Joseph Stiglitz: Not everyone is a fan of Bitcoin. Despite proclamations from supporters about its revolutionary technology and the “freedom” it offers its users, many are still not convinced.
If you’re Bitcoin, it must not bode well for you to have a major critic in the form of Nobel-winning economist and Columbia Professor Joseph Stiglitz. Today, Stiglitz spoke with Financial News of his concern about the adoption of the unregulated financial asset which he believes elicits illegal behaviors as it has no central authority and its users can be totally anonymous. He has spoken to Bloomberg on several occasions before about his distaste for Bitcoin.
Joseph Stiglitz Has Concerns about Bitcoin
The economist’s concerns center around the potential for criminal enterprises to take complete advantage of the network:
“You cannot have a means of payment that is based on secrecy when you’re trying to create a transparent banking system…If you open up a hole like Bitcoin, then all the nefarious activity will go through that hole, and no government can allow that.”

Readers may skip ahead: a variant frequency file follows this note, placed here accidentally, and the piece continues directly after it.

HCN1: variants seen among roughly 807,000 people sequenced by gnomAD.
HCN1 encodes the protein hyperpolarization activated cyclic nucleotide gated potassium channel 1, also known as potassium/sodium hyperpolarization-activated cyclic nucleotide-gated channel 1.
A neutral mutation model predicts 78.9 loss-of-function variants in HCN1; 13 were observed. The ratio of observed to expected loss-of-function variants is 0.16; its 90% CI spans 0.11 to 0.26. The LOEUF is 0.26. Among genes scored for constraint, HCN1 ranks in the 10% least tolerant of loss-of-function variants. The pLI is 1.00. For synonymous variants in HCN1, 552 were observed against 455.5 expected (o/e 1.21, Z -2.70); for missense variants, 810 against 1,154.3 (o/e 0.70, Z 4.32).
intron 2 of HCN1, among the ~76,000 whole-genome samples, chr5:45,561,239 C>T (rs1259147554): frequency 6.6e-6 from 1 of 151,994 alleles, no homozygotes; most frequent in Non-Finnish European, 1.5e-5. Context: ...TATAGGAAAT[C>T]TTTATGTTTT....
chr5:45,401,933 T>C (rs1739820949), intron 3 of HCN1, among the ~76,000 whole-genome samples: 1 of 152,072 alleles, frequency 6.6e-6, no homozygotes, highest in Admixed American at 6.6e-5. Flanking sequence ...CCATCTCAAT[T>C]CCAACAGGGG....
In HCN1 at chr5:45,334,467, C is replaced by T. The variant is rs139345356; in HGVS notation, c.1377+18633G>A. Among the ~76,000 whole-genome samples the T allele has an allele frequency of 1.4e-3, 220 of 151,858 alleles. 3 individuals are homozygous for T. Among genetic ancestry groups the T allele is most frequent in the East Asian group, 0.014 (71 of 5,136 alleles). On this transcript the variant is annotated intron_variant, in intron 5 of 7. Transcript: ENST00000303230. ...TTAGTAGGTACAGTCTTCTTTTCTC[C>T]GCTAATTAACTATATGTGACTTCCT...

Despite his concerns, he believes that once the market is truly big enough, regulators will enforce rules which would render the coin useless. Currently, the cryptocurrency market is still considered small with a $273 billion market cap, though predictions have placed it nearer to $1 Trillion by the end of 2018.
It Stiglitz opinion, the popularity of Bitcoin lies only with criminals and if “you regulate it so you couldn’t engage in money laundering and all these other [crimes], there will be no demand for Bitcoin. By regulating the abuses, you are going to regulate it out of existence. It exists because of the abuses.”
Though not a Bitcoin enthusiast, Stiglitz isn’t swearing off cryptocurrency completely. He believes the US could benefit from a more open and transparent digital payment system in order to protect from the corruption that is experienced in our current financial system.
“I believe very strongly that countries like the United States could and should move to a digital currency … so that you would have the ability to trace this kind of corruption.”
But what digital currency would be his preference?
“I’d like us to move more towards an electronic payment [system] but you don’t need a bitcoin for that,”
Stiglitz does not stand on this ground alone; Bill Gates, Warren Buffet, Jamie Dimon and Christine Lagarde have all expressed similar concerns or criticisms about Bitcoin.
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